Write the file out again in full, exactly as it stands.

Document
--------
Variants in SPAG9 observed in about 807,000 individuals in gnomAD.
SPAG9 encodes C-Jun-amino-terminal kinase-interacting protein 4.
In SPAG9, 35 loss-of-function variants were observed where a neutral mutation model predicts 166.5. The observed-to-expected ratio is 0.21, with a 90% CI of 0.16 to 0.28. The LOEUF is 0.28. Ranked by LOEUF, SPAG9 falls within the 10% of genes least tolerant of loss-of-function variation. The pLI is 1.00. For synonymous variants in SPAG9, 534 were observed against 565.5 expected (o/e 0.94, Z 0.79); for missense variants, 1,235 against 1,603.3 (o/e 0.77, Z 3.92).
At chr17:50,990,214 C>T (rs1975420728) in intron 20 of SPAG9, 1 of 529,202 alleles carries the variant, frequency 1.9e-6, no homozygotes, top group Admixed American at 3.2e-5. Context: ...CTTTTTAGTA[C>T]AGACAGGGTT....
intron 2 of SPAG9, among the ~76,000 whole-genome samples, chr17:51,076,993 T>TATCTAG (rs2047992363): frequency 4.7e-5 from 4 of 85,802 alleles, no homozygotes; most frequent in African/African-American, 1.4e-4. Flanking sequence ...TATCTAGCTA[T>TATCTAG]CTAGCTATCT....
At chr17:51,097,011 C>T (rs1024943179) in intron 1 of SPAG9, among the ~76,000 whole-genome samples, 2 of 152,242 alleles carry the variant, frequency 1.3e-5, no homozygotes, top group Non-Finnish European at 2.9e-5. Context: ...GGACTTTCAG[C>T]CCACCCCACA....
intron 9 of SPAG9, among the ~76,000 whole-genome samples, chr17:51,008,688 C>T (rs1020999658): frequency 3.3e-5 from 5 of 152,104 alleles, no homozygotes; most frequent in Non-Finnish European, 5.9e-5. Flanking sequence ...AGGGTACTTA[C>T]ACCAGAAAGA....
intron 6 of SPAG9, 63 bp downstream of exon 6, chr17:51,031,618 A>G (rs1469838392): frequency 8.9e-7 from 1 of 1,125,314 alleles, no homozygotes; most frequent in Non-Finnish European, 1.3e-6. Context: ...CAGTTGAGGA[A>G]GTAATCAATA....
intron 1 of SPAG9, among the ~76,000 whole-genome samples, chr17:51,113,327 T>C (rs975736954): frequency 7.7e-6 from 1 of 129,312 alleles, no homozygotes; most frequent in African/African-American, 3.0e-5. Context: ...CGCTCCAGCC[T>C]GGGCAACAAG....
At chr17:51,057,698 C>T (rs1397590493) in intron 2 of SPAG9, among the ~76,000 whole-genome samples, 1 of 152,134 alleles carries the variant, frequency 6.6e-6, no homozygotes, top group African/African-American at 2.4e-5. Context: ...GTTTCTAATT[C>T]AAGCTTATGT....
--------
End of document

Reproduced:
Variants in SPAG9 observed in about 807,000 individuals in gnomAD.
SPAG9 encodes C-Jun-amino-terminal kinase-interacting protein 4.
In SPAG9, 35 loss-of-function variants were observed where a neutral mutation model predicts 166.5. The observed-to-expected ratio is 0.21, with a 90% CI of 0.16 to 0.28. The LOEUF is 0.28. Ranked by LOEUF, SPAG9 falls within the 10% of genes least tolerant of loss-of-function variation. The pLI is 1.00. For synonymous variants in SPAG9, 534 were observed against 565.5 expected (o/e 0.94, Z 0.79); for missense variants, 1,235 against 1,603.3 (o/e 0.77, Z 3.92).
At chr17:50,990,214 C>T (rs1975420728) in intron 20 of SPAG9, 1 of 529,202 alleles carries the variant, frequency 1.9e-6, no homozygotes, top group Admixed American at 3.2e-5. Context: ...CTTTTTAGTA[C>T]AGACAGGGTT....
intron 2 of SPAG9, among the ~76,000 whole-genome samples, chr17:51,076,993 T>TATCTAG (rs2047992363): frequency 4.7e-5 from 4 of 85,802 alleles, no homozygotes; most frequent in African/African-American, 1.4e-4. Flanking sequence ...TATCTAGCTA[T>TATCTAG]CTAGCTATCT....
At chr17:51,097,011 C>T (rs1024943179) in intron 1 of SPAG9, among the ~76,000 whole-genome samples, 2 of 152,242 alleles carry the variant, frequency 1.3e-5, no homozygotes, top group Non-Finnish European at 2.9e-5. Context: ...GGACTTTCAG[C>T]CCACCCCACA....
intron 9 of SPAG9, among the ~76,000 whole-genome samples, chr17:51,008,688 C>T (rs1020999658): frequency 3.3e-5 from 5 of 152,104 alleles, no homozygotes; most frequent in Non-Finnish European, 5.9e-5. Flanking sequence ...AGGGTACTTA[C>T]ACCAGAAAGA....
intron 6 of SPAG9, 63 bp downstream of exon 6, chr17:51,031,618 A>G (rs1469838392): frequency 8.9e-7 from 1 of 1,125,314 alleles, no homozygotes; most frequent in Non-Finnish European, 1.3e-6. Context: ...CAGTTGAGGA[A>G]GTAATCAATA....
intron 1 of SPAG9, among the ~76,000 whole-genome samples, chr17:51,113,327 T>C (rs975736954): frequency 7.7e-6 from 1 of 129,312 alleles, no homozygotes; most frequent in African/African-American, 3.0e-5. Context: ...CGCTCCAGCC[T>C]GGGCAACAAG....
At chr17:51,057,698 C>T (rs1397590493) in intron 2 of SPAG9, among the ~76,000 whole-genome samples, 1 of 152,134 alleles carries the variant, frequency 6.6e-6, no homozygotes, top group African/African-American at 2.4e-5. Context: ...GTTTCTAATT[C>T]AAGCTTATGT....